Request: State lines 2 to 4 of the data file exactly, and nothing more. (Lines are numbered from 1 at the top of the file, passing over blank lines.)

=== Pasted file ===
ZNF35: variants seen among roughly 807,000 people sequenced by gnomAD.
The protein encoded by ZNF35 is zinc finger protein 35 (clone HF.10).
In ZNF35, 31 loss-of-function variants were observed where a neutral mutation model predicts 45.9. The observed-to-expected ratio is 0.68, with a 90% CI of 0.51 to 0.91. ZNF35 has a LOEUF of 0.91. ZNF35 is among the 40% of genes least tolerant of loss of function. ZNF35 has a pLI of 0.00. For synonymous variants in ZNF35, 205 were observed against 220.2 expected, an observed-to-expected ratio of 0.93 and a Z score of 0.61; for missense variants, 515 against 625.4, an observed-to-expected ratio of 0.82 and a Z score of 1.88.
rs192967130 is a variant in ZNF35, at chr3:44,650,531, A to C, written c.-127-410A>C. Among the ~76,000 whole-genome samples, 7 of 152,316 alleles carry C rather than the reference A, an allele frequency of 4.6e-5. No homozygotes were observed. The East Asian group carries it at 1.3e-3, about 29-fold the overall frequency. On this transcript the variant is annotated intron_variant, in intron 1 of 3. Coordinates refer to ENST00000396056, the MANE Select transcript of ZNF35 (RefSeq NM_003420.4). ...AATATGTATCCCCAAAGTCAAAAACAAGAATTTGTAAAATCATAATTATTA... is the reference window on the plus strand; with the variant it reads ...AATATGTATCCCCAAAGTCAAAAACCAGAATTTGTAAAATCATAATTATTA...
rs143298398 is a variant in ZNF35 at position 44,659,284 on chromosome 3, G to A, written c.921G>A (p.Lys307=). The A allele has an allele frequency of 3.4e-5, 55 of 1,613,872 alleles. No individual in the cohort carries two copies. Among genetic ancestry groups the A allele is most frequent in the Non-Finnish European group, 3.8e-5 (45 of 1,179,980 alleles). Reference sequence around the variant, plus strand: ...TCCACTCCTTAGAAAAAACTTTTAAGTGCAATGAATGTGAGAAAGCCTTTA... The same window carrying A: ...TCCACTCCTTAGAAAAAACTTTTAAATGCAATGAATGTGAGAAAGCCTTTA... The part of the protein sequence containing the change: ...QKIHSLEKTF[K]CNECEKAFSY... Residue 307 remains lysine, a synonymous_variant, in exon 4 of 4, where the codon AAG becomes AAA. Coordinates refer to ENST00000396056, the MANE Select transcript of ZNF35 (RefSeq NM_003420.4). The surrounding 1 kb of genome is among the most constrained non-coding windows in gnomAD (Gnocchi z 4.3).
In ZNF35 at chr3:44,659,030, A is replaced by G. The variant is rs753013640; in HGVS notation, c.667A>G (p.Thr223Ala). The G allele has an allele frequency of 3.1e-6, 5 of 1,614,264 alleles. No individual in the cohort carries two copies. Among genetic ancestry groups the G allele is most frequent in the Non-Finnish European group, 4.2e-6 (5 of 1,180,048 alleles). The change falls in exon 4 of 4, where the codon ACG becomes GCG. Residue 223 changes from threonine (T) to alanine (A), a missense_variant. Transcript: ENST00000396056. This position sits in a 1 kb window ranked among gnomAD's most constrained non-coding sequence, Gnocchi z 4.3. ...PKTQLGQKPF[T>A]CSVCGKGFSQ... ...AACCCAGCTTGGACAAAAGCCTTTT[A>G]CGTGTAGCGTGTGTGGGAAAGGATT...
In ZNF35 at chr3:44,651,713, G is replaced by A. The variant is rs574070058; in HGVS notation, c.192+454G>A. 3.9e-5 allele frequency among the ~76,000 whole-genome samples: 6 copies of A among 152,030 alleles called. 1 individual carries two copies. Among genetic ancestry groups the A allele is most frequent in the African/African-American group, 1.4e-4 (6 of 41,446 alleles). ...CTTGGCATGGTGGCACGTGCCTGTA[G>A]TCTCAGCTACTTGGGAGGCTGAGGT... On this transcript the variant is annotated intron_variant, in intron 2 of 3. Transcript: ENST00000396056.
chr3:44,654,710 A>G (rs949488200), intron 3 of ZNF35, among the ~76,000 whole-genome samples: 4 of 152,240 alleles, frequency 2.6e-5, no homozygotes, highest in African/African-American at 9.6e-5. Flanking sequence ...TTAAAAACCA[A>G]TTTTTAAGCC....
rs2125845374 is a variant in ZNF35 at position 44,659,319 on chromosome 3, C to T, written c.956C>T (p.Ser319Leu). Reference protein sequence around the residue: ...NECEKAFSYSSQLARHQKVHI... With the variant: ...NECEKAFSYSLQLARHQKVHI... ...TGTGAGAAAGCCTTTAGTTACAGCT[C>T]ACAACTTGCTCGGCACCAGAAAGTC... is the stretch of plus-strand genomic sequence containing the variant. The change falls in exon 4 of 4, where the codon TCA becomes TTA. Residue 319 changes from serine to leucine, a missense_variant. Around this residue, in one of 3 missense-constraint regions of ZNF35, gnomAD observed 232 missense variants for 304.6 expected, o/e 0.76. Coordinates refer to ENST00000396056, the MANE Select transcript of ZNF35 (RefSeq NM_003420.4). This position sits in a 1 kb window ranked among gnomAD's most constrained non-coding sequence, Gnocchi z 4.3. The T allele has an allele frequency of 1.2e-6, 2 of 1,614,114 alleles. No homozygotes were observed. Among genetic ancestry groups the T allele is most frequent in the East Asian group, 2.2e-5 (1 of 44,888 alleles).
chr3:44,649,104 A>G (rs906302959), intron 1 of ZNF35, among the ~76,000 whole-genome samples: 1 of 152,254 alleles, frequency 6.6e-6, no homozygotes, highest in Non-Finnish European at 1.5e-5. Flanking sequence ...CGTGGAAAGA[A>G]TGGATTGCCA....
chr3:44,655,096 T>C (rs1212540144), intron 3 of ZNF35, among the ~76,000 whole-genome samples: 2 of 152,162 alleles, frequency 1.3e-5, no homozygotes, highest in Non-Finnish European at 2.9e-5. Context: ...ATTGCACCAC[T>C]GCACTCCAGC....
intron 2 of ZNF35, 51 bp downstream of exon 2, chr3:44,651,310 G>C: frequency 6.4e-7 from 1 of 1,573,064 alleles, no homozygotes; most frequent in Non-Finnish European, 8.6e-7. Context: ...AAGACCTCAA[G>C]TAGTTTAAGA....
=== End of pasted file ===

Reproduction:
The protein encoded by ZNF35 is zinc finger protein 35 (clone HF.10).
In ZNF35, 31 loss-of-function variants were observed where a neutral mutation model predicts 45.9. The observed-to-expected ratio is 0.68, with a 90% CI of 0.51 to 0.91. ZNF35 has a LOEUF of 0.91. ZNF35 is among the 40% of genes least tolerant of loss of function. ZNF35 has a pLI of 0.00. For synonymous variants in ZNF35, 205 were observed against 220.2 expected, an observed-to-expected ratio of 0.93 and a Z score of 0.61; for missense variants, 515 against 625.4, an observed-to-expected ratio of 0.82 and a Z score of 1.88.
rs192967130 is a variant in ZNF35, at chr3:44,650,531, A to C, written c.-127-410A>C. Among the ~76,000 whole-genome samples, 7 of 152,316 alleles carry C rather than the reference A, an allele frequency of 4.6e-5. No homozygotes were observed. The East Asian group carries it at 1.3e-3, about 29-fold the overall frequency. On this transcript the variant is annotated intron_variant, in intron 1 of 3. Coordinates refer to ENST00000396056, the MANE Select transcript of ZNF35 (RefSeq NM_003420.4). ...AATATGTATCCCCAAAGTCAAAAACAAGAATTTGTAAAATCATAATTATTA... is the reference window on the plus strand; with the variant it reads ...AATATGTATCCCCAAAGTCAAAAACCAGAATTTGTAAAATCATAATTATTA...